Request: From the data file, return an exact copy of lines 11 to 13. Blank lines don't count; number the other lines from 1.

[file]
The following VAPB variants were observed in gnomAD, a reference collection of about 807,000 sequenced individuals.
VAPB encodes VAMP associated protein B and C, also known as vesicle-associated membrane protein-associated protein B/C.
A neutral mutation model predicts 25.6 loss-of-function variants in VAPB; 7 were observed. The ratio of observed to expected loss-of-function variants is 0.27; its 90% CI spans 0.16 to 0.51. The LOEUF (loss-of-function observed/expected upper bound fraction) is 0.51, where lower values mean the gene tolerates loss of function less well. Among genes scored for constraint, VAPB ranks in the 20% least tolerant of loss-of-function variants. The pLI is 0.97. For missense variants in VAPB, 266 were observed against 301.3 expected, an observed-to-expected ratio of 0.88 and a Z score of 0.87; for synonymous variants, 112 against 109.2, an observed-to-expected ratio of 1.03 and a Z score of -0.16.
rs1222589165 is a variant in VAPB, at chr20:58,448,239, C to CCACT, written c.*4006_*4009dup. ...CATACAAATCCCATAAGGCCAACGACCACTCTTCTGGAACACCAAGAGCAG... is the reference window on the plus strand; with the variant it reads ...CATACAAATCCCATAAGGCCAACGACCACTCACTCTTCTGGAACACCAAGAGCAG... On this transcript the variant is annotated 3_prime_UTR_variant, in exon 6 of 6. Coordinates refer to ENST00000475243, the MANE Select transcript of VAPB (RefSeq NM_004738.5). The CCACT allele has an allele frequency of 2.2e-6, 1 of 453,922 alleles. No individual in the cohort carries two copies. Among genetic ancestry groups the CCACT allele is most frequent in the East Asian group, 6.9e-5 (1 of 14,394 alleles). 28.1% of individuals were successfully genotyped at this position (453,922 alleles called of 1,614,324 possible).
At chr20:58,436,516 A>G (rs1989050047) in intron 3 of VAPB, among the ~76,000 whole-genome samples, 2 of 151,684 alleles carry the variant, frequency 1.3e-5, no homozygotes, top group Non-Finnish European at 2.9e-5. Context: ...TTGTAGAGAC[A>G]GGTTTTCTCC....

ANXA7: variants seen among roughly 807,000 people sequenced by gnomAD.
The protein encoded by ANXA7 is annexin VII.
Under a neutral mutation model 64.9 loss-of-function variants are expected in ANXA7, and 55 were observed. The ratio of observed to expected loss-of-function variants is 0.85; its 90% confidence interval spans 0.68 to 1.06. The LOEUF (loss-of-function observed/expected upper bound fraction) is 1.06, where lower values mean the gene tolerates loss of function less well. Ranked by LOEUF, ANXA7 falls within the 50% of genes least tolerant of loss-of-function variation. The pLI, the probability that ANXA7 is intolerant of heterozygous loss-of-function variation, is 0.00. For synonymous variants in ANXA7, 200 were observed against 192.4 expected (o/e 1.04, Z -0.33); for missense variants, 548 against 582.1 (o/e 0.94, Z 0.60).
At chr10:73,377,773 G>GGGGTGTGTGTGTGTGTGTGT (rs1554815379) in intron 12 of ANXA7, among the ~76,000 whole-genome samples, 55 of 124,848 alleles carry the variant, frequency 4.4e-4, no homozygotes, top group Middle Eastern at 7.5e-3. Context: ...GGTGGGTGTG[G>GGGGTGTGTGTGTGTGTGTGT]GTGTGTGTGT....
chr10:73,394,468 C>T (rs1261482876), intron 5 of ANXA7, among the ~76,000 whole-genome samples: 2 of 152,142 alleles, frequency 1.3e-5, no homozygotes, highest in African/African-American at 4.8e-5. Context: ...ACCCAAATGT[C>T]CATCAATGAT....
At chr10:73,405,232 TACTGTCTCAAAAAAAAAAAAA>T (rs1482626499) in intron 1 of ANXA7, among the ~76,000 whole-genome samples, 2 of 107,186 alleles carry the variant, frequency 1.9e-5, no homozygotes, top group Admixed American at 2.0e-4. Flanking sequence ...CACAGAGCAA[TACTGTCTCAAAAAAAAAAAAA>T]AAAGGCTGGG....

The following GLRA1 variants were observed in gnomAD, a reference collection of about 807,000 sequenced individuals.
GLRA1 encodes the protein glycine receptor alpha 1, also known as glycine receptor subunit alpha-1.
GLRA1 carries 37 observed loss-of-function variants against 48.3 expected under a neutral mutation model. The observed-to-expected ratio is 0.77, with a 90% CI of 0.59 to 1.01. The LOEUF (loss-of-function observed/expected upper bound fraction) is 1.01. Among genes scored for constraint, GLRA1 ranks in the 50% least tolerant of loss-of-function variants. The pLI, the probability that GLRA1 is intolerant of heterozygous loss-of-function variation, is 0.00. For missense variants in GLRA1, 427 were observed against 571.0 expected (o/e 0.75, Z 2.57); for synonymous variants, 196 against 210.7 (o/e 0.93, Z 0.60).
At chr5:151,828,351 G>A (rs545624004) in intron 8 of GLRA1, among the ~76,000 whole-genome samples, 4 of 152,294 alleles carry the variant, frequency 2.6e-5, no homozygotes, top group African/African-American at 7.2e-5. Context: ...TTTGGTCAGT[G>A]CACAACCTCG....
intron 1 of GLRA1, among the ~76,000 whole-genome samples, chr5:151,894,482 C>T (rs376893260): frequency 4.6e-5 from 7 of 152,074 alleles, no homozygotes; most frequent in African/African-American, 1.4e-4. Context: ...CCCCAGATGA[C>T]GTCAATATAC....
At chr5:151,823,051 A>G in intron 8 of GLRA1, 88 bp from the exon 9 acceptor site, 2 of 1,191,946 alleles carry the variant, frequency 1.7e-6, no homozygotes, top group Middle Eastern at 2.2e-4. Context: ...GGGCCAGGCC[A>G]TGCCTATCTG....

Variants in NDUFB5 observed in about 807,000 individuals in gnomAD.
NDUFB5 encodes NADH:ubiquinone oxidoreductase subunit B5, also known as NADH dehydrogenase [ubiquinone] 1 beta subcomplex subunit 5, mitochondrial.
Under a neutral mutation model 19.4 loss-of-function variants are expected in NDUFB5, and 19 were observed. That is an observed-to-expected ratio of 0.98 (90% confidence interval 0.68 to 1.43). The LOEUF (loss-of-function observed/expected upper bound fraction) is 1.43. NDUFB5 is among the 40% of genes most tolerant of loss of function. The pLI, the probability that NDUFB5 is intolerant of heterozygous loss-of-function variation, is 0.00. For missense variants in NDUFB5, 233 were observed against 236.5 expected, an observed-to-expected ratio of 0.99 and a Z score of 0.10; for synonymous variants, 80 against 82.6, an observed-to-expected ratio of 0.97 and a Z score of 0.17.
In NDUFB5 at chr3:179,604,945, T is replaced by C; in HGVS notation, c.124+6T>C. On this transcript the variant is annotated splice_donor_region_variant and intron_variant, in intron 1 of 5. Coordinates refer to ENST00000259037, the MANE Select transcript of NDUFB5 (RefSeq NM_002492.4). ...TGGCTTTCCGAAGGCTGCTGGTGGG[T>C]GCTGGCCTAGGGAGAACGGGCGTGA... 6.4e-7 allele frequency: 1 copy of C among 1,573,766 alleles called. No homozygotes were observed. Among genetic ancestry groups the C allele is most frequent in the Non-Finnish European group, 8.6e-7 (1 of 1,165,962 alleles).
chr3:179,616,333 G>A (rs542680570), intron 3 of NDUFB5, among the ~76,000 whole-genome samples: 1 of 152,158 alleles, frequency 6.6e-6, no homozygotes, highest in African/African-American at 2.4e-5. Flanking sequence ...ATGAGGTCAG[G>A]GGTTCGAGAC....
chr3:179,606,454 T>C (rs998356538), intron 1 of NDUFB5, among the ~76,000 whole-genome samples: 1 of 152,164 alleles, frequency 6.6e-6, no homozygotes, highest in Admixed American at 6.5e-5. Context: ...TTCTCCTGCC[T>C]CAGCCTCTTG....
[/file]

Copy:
At chr10:73,405,232 TACTGTCTCAAAAAAAAAAAAA>T (rs1482626499) in intron 1 of ANXA7, among the ~76,000 whole-genome samples, 2 of 107,186 alleles carry the variant, frequency 1.9e-5, no homozygotes, top group Admixed American at 2.0e-4. Flanking sequence ...CACAGAGCAA[TACTGTCTCAAAAAAAAAAAAA>T]AAAGGCTGGG....

The following GLRA1 variants were observed in gnomAD, a reference collection of about 807,000 sequenced individuals.
GLRA1 encodes the protein glycine receptor alpha 1, also known as glycine receptor subunit alpha-1.